W – Wheelbarrow races, Grown ups can push younger people around the garden in a wheelbarrow for fun. Who is the quickest ? Mum, dad, or grandad? If you don’t have a wheelbarrow do it the old fashioned way, by getting someone to hold onto your ankles raised slightly in the air, while you crawl on your hands. Who can go the furthest or the fastest?
X – X marks the spot. Gently collect some snails for a race, put an X on their shell with different coloured nail varnish for each one, and an X in the ground, (use chalk on the patio to do this.) Next put your snail, on the start line and see which one gets to your X first.
Y – Yellow Up! Yellow is such a happy colour, why not make the most of it by growing sunflowers in pots or borders. Have a competition on who can grow the tallest one. If it’s massive why not enter it in the T&M sunflower competition too!
Z -ZZZ. If all of the fresh air has made you tired, and it’s a nice night, why not set up a tent in your backyard and sleep under the stars. If you don’t fancy that, then just do a bit of star gazing when the sun goes down.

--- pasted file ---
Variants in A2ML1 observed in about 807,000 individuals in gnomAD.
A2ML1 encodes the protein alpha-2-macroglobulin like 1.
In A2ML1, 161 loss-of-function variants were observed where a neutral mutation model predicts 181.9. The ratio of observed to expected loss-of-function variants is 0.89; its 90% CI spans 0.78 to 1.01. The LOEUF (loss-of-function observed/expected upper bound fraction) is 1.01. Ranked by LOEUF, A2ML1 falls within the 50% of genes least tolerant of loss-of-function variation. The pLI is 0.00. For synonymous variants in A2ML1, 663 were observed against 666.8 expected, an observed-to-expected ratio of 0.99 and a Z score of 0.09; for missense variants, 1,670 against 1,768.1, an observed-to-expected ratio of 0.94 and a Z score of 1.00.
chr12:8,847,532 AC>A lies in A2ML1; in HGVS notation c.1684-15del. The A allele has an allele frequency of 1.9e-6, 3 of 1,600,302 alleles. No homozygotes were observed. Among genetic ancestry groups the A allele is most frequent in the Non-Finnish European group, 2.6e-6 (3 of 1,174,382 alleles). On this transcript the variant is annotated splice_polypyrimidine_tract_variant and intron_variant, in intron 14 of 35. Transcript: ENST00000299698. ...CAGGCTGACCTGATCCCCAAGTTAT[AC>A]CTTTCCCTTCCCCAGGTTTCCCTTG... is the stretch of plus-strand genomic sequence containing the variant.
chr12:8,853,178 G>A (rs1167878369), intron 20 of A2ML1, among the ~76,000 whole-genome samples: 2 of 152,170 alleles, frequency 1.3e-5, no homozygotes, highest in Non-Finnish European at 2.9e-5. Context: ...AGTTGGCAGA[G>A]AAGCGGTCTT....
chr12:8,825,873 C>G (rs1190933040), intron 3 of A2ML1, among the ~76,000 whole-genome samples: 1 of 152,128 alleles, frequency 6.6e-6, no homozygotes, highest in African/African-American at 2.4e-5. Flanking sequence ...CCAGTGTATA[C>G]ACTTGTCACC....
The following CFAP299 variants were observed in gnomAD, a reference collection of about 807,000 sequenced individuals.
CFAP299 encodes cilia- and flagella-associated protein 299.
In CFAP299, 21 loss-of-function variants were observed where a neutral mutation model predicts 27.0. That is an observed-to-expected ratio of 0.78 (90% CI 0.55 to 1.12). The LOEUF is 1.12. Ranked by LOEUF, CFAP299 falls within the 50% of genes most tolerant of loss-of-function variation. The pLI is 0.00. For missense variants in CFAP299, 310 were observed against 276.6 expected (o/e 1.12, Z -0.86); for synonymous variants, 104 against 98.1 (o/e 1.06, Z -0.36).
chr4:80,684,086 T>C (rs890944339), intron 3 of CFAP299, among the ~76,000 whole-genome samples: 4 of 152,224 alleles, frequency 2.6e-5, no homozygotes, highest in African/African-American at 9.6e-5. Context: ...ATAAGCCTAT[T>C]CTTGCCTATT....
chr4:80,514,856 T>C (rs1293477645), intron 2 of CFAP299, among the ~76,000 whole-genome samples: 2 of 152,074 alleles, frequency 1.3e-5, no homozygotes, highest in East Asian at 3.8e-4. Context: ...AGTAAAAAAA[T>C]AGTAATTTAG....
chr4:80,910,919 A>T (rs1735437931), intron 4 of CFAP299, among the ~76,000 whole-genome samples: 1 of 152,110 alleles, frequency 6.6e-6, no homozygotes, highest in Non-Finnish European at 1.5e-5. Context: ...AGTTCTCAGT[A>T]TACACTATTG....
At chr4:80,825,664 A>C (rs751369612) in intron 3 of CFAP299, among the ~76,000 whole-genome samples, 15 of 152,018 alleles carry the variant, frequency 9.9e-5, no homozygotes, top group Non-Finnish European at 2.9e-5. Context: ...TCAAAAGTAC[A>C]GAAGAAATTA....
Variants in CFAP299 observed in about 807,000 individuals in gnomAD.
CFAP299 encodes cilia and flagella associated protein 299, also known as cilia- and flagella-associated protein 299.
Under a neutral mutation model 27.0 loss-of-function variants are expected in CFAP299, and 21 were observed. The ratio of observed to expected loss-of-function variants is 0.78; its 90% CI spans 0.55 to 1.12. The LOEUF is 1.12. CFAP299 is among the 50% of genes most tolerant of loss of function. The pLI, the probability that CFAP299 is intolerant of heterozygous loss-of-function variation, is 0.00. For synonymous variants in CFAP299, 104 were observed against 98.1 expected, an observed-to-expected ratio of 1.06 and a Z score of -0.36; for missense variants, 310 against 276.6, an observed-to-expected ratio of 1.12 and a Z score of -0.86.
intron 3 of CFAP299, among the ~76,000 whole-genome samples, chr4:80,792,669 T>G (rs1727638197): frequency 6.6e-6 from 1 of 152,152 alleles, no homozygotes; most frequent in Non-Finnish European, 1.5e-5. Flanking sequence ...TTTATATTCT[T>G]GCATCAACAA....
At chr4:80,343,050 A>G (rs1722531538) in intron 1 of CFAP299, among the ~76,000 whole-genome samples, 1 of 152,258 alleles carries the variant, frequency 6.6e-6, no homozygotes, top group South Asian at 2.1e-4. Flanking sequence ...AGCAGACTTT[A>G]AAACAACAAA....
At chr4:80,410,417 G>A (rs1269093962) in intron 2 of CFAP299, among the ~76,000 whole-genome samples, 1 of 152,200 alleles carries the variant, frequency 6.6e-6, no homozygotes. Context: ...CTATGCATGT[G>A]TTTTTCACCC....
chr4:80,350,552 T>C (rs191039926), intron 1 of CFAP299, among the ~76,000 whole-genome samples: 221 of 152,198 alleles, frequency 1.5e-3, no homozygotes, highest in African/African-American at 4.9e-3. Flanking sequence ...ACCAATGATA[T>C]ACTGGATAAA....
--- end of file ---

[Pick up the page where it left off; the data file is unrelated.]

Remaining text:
Whatever you do this summer, let me know how you get on, by leaving a comment below.
Firstly may I apologise for the lack of a May blog, I’ve been busy in the garden, but I also had a major setback. As some of my regular readers would know for the past year I’ve been fighting ovarian cancer, but many of you might not know I was born with a life limiting condition known as Fallots Tretology. It basically means I have four things wrong with my heart and although I had surgery as a child, I was still left with two heart murmurs and some dodgy heart valves.
Whilst the chemotherapy did its job in killing my cancer sadly it severely damaged my heart. Two and a half weeks ago a blood clot formed in one of the heart chambers causing long term dysfunctional heart failure and temporary kidney failure. To say I’m lucky to be here is an understatement. I’ve never felt so rough in my life. But I’m back home and I’m in the garden, and I’ve got an awful lot to be thankful for. My cardiologist says I have to rest and take things easy, but with the gorgeous weather we are having this week, I find it way to difficult to sit around, so I’m doing lots of supervising and planning and possibly nagging poor Mark to do stuff as well as and talking to the plants, setting of new seeds, transplanting, misting and pollinating.